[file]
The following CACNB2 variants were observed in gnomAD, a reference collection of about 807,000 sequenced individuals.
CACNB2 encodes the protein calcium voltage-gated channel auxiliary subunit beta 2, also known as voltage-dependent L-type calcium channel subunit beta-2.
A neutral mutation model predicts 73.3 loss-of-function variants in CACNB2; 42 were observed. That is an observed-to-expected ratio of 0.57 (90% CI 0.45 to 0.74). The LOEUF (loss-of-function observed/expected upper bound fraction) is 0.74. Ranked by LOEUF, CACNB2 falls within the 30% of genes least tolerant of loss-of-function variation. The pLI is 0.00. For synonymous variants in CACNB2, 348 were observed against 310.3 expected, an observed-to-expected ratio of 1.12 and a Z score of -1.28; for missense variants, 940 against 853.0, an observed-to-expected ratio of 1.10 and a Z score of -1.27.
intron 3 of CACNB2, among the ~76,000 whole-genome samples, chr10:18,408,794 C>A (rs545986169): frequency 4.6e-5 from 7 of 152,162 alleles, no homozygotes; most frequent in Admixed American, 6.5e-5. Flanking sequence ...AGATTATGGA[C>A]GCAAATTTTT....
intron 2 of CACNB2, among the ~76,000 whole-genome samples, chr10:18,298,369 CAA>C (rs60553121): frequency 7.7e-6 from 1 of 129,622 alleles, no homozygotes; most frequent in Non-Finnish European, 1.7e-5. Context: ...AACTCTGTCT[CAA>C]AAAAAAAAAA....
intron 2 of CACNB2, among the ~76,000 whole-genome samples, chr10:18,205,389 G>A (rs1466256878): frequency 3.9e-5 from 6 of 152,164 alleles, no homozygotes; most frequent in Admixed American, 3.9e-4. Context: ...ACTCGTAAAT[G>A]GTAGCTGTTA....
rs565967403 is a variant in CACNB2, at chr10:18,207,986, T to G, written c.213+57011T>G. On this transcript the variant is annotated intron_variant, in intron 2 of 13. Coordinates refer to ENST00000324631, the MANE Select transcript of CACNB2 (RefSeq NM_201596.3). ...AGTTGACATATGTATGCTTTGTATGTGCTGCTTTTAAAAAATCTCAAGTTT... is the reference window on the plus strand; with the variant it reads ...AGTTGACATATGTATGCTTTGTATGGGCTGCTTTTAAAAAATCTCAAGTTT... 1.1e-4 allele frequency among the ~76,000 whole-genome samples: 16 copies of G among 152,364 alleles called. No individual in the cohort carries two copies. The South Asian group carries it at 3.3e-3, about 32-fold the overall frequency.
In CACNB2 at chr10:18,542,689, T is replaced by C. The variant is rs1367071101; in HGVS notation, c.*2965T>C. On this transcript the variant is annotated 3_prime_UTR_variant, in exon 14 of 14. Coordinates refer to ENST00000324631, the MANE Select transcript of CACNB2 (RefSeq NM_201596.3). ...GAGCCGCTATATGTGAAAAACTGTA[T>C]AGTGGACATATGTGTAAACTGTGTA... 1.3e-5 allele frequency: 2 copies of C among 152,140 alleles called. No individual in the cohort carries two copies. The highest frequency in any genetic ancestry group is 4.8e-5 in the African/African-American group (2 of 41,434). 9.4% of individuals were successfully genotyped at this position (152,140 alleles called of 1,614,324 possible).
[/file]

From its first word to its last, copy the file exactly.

The following CACNB2 variants were observed in gnomAD, a reference collection of about 807,000 sequenced individuals.
CACNB2 encodes the protein calcium voltage-gated channel auxiliary subunit beta 2, also known as voltage-dependent L-type calcium channel subunit beta-2.
A neutral mutation model predicts 73.3 loss-of-function variants in CACNB2; 42 were observed. That is an observed-to-expected ratio of 0.57 (90% CI 0.45 to 0.74). The LOEUF (loss-of-function observed/expected upper bound fraction) is 0.74. Ranked by LOEUF, CACNB2 falls within the 30% of genes least tolerant of loss-of-function variation. The pLI is 0.00. For synonymous variants in CACNB2, 348 were observed against 310.3 expected, an observed-to-expected ratio of 1.12 and a Z score of -1.28; for missense variants, 940 against 853.0, an observed-to-expected ratio of 1.10 and a Z score of -1.27.
intron 3 of CACNB2, among the ~76,000 whole-genome samples, chr10:18,408,794 C>A (rs545986169): frequency 4.6e-5 from 7 of 152,162 alleles, no homozygotes; most frequent in Admixed American, 6.5e-5. Flanking sequence ...AGATTATGGA[C>A]GCAAATTTTT....
intron 2 of CACNB2, among the ~76,000 whole-genome samples, chr10:18,298,369 CAA>C (rs60553121): frequency 7.7e-6 from 1 of 129,622 alleles, no homozygotes; most frequent in Non-Finnish European, 1.7e-5. Context: ...AACTCTGTCT[CAA>C]AAAAAAAAAA....
intron 2 of CACNB2, among the ~76,000 whole-genome samples, chr10:18,205,389 G>A (rs1466256878): frequency 3.9e-5 from 6 of 152,164 alleles, no homozygotes; most frequent in Admixed American, 3.9e-4. Context: ...ACTCGTAAAT[G>A]GTAGCTGTTA....
rs565967403 is a variant in CACNB2, at chr10:18,207,986, T to G, written c.213+57011T>G. On this transcript the variant is annotated intron_variant, in intron 2 of 13. Coordinates refer to ENST00000324631, the MANE Select transcript of CACNB2 (RefSeq NM_201596.3). ...AGTTGACATATGTATGCTTTGTATGTGCTGCTTTTAAAAAATCTCAAGTTT... is the reference window on the plus strand; with the variant it reads ...AGTTGACATATGTATGCTTTGTATGGGCTGCTTTTAAAAAATCTCAAGTTT... 1.1e-4 allele frequency among the ~76,000 whole-genome samples: 16 copies of G among 152,364 alleles called. No individual in the cohort carries two copies. The South Asian group carries it at 3.3e-3, about 32-fold the overall frequency.
In CACNB2 at chr10:18,542,689, T is replaced by C. The variant is rs1367071101; in HGVS notation, c.*2965T>C. On this transcript the variant is annotated 3_prime_UTR_variant, in exon 14 of 14. Coordinates refer to ENST00000324631, the MANE Select transcript of CACNB2 (RefSeq NM_201596.3). ...GAGCCGCTATATGTGAAAAACTGTA[T>C]AGTGGACATATGTGTAAACTGTGTA... 1.3e-5 allele frequency: 2 copies of C among 152,140 alleles called. No individual in the cohort carries two copies. The highest frequency in any genetic ancestry group is 4.8e-5 in the African/African-American group (2 of 41,434). 9.4% of individuals were successfully genotyped at this position (152,140 alleles called of 1,614,324 possible).